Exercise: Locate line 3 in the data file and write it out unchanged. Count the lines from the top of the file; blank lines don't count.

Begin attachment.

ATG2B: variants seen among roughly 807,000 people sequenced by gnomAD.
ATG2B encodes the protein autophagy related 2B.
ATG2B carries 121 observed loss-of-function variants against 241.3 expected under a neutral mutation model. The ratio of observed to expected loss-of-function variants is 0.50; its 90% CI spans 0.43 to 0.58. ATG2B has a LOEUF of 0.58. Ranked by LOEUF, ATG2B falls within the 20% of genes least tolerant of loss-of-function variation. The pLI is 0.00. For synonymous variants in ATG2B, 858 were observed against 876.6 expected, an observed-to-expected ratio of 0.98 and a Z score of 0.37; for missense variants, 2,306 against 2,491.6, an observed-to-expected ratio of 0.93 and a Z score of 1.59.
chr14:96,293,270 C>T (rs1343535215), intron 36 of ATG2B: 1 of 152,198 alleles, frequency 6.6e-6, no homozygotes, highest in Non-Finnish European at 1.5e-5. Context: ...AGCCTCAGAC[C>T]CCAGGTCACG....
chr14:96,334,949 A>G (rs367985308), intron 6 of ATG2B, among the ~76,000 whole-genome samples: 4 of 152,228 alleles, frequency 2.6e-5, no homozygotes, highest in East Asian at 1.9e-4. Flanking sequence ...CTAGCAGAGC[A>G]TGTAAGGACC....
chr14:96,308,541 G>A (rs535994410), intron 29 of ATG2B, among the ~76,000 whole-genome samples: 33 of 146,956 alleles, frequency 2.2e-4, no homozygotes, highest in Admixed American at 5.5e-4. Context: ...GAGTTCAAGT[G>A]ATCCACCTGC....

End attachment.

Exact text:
ATG2B carries 121 observed loss-of-function variants against 241.3 expected under a neutral mutation model. The ratio of observed to expected loss-of-function variants is 0.50; its 90% CI spans 0.43 to 0.58. ATG2B has a LOEUF of 0.58. Ranked by LOEUF, ATG2B falls within the 20% of genes least tolerant of loss-of-function variation. The pLI is 0.00. For synonymous variants in ATG2B, 858 were observed against 876.6 expected, an observed-to-expected ratio of 0.98 and a Z score of 0.37; for missense variants, 2,306 against 2,491.6, an observed-to-expected ratio of 0.93 and a Z score of 1.59.